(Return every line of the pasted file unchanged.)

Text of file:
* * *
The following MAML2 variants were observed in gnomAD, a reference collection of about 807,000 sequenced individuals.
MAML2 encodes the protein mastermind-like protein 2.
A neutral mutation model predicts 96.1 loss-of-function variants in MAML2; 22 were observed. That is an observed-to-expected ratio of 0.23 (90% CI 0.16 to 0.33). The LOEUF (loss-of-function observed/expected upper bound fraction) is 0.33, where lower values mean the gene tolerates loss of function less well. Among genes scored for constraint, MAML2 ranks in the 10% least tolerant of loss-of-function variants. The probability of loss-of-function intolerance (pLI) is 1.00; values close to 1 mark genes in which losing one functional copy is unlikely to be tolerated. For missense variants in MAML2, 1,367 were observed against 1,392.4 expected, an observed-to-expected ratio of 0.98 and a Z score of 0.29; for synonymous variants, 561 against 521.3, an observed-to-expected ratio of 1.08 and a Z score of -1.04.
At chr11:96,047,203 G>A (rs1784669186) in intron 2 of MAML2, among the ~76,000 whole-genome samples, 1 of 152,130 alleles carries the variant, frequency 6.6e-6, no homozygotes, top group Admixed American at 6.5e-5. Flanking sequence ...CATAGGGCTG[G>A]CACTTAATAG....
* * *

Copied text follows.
The following MAML2 variants were observed in gnomAD, a reference collection of about 807,000 sequenced individuals.
MAML2 encodes the protein mastermind-like protein 2.
A neutral mutation model predicts 96.1 loss-of-function variants in MAML2; 22 were observed. That is an observed-to-expected ratio of 0.23 (90% CI 0.16 to 0.33). The LOEUF (loss-of-function observed/expected upper bound fraction) is 0.33, where lower values mean the gene tolerates loss of function less well. Among genes scored for constraint, MAML2 ranks in the 10% least tolerant of loss-of-function variants. The probability of loss-of-function intolerance (pLI) is 1.00; values close to 1 mark genes in which losing one functional copy is unlikely to be tolerated. For missense variants in MAML2, 1,367 were observed against 1,392.4 expected, an observed-to-expected ratio of 0.98 and a Z score of 0.29; for synonymous variants, 561 against 521.3, an observed-to-expected ratio of 1.08 and a Z score of -1.04.
At chr11:96,047,203 G>A (rs1784669186) in intron 2 of MAML2, among the ~76,000 whole-genome samples, 1 of 152,130 alleles carries the variant, frequency 6.6e-6, no homozygotes, top group Admixed American at 6.5e-5. Flanking sequence ...CATAGGGCTG[G>A]CACTTAATAG....